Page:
So, who would we cast?  Because the world in which El Jefe might be able to answer that question is indeed a fictional one, here's the opinion of someone else who knows better:

Rhona Mitra-- as Juliette

Liam Neeson-- as Holsten

Helen Mirren-- as Mayor Jahns

Paul Giamatti-- as Bernard

Andrew Garfield-- as Lukas

Our next meeting is Wednesday night, in Cabana 173 by the Sea. Bring a sweater. Can't wait.  xoej

Monday, May 6, 2013

Going Clear: Scientology, Hollywood and the Prison of Belief

Thanks to the Foxx for hosting BC. It was such a lovely evening that we will even forgive her for being an SP (see below). We started out with Salsa di Parmigiano, a ridiculously savory blend of chunks of parmesan and Asiago pureed in olive oil with scallions, garlic and red pepper flakes, to be slathered atop crostini (it was almost embarrassing how many of these El Jefe inhaled in the first two minutes upon arrival). Next, a hearty, healthy and delicious stew of kale, cannellini beans and turkey sausage with cornbread to dunk, and brownies with salted caramel sauce a la' mode.  Deee lish.

Michael Chiarellos' Salsa di Parmigiano

On to Lawrence Wright's Going Clear, which garnered a 7.4 rating. In the Scientology world, this is a truly impressive score. After all, OT VII is the second highest level on the Bridge to Total Freedom--well beyond Preclear, and rapidly progressing from Clear to Operating Thetan.  

Not that a suppressive person such as the Foxx would appreciate that.  She described this book as "creepy," "crazy" and "nutty"-- stark evidence of antisocial pathology. Logan's Run, also an SP, compared the devout souls depicted in this book to the real nut jobs in The 19th Wife and Under the Banner of Heaven. Red--another SP--simply put it:  "cray cray!" Finally, the Doctor, in a kind of paranoid twist on the SP, became afraid of getting snatched off her bed while reading the book. Ok, so there was an across the board consensus that Scientology is a cult:  the terminology, the way it sucked in the vulnerable and destroyed their lives, the all-absorbing focus on a single charismatic individual... the way people get snatched off their beds? But let's turn to the book itself. Clearly (ha ha) the author researched this book to the nitty gritty end, as attested to by the dozens of pages of footnotes. However, as is often the case with non-fiction, it's difficult to walk that line between thoroughness and, well, boring your reader to tears. Despite the wacky theology and the star-studded cast of characters, Going Clear could be painfully boring at times, with one person commenting that the subject matter could have been adequately covered in half the pages. After all, this book is being marketed to the public for their reading pleasure, not as a scholarly treatise. Even the Highlander thought there was too much detail on the celebrities. (Wait, surely that sequence of words has never before been typed together, nor will it ever be in the future.) Yet this book raised some interesting questions for discussion. Such as, how could LRH, who was a wife beater and overall horrible man, become the central figure of a worldwide movement whose followers adored and emulated him? How and why is Scientology different from established religions, particularly Catholicism, which is all about mysteries, hierarchy and awesome outfits? To this last question, our group gave a lot of weight to the fact that Catholicism (and Judaism and Islam, etc.) is old (not to mention the Pope-- he is always old, too). Those religions pre-date modern means of communication, or really, almost any means of communication other than oral storytelling and writing on scrolls, and thus it's understandable that the religions' adherents could have accepted the religions' "truths"--whereas today it seems preposterous for some guy to try and convince people that he can multiply loaves and fishes. In any event, the IRS does not agree with our book club, and El Jefe's not going to argue with that.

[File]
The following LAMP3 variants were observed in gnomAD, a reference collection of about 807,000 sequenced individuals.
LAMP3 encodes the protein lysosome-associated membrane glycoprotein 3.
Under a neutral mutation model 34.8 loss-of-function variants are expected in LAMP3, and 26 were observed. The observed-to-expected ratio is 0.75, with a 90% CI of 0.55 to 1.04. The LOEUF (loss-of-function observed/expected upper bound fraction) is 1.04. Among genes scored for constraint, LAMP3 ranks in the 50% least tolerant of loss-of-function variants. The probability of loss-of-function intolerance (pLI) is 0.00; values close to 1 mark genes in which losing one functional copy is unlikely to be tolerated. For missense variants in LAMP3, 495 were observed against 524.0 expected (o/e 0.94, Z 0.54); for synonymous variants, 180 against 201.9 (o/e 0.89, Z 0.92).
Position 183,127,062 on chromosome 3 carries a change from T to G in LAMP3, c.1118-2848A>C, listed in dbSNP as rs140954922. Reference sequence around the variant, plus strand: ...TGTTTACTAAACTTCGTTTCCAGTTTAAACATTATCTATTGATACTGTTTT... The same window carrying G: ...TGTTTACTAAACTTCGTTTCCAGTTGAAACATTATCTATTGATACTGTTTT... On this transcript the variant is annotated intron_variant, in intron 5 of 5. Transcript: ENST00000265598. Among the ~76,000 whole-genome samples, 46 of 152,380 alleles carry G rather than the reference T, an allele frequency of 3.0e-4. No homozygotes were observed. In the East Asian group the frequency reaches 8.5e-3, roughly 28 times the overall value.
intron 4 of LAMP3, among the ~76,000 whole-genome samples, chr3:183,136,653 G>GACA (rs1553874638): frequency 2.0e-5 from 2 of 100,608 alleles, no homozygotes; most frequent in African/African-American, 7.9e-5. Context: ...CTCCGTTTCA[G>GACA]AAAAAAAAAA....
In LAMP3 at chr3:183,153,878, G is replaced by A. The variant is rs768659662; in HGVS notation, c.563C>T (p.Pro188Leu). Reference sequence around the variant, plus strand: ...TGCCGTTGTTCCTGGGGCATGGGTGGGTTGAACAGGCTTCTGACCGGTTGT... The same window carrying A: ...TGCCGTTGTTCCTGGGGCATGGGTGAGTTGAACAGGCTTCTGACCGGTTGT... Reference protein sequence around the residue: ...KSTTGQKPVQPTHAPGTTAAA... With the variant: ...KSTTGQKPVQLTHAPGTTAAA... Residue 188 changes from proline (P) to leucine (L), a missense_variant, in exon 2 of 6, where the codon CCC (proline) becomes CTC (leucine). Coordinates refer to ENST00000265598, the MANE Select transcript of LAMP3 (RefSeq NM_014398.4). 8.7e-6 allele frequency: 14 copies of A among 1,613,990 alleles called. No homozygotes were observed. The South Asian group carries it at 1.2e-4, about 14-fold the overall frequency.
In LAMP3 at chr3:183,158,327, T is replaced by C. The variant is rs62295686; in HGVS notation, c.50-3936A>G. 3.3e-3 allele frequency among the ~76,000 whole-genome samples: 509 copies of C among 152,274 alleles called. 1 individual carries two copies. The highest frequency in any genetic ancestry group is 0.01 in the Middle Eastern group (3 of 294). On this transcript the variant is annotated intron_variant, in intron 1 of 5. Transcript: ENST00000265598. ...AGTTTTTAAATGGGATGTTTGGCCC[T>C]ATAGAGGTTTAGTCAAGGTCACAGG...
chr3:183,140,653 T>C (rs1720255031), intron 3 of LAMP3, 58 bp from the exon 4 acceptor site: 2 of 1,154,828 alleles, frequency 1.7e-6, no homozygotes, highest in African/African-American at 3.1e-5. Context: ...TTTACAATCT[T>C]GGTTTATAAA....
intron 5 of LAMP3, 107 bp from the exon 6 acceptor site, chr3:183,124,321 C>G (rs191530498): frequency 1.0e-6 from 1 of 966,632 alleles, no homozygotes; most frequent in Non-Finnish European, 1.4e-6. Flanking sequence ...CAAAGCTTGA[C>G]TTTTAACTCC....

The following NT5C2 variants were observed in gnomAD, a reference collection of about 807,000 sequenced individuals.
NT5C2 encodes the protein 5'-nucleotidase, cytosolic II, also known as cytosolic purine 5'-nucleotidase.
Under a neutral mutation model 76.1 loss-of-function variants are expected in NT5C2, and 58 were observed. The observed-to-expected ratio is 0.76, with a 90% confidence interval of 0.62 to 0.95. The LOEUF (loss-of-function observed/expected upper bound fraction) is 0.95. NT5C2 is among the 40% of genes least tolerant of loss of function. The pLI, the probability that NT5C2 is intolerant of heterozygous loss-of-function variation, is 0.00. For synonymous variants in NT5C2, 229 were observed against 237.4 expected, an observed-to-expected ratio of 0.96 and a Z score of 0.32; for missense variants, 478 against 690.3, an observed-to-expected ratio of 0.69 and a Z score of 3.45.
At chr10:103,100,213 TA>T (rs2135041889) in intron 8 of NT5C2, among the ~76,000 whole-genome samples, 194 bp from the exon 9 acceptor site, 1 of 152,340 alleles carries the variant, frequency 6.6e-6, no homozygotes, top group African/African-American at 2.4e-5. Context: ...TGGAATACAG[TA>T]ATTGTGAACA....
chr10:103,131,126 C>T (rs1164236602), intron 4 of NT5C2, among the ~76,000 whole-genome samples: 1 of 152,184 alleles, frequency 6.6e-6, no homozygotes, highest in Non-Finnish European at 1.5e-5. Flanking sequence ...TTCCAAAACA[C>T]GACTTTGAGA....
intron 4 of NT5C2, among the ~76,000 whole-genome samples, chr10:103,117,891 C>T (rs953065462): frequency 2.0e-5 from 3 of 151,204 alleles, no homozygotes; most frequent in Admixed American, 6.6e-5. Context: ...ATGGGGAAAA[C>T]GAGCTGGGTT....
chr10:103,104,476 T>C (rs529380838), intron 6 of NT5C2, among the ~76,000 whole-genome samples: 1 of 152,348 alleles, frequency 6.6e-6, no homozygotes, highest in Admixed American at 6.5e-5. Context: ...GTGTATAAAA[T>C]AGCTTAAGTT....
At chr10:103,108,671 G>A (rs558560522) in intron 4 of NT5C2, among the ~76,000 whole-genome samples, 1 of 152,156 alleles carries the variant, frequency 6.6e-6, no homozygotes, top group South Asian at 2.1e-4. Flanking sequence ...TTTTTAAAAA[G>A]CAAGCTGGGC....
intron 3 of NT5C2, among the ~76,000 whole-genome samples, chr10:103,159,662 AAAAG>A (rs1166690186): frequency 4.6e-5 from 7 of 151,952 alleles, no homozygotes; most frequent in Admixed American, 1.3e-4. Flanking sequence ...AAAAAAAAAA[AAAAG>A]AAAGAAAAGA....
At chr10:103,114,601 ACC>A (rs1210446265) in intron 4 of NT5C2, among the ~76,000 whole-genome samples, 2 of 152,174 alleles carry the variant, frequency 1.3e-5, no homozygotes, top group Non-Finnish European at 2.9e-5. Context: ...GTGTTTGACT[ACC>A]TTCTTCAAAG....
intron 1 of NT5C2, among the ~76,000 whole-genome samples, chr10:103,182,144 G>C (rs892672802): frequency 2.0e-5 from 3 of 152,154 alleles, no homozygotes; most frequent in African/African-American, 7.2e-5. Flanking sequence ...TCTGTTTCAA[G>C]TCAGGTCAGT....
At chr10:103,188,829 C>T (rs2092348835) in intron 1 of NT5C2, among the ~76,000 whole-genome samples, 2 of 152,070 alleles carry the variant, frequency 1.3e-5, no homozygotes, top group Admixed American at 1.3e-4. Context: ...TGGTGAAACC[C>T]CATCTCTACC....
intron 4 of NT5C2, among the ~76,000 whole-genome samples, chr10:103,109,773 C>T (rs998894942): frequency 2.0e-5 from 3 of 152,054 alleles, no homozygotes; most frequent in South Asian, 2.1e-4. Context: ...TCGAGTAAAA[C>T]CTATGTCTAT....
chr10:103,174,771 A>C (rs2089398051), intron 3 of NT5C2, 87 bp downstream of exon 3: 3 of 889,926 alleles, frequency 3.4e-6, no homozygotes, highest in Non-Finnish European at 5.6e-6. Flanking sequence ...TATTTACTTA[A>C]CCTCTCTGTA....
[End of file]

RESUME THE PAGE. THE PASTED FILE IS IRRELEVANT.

See you mañana at Ms. K's house to discuss Wool!  xoej

Thursday, April 11, 2013

A Passage to India

Thanks to the Maharani for hosting a marvelous BC last month, and a full house to boot (no surprise, given the culinary expectations!). We dove right into the theme with samosas and two kinds of chutney for dipping, followed by the Maharani's family recipe for chicken curry, saag paneer, naan-- plus, some sort of gluten-free options (how trendy that will seem by next year) and it was all lish! (And re-created last week in Sun Valley--still lish!) Then, thanks to a minor scheduling snafu, we feasted on two kinds of dessert, never a bad thing... cheesecake and homemade ginger cookies.  So excited for another feast tomorrow.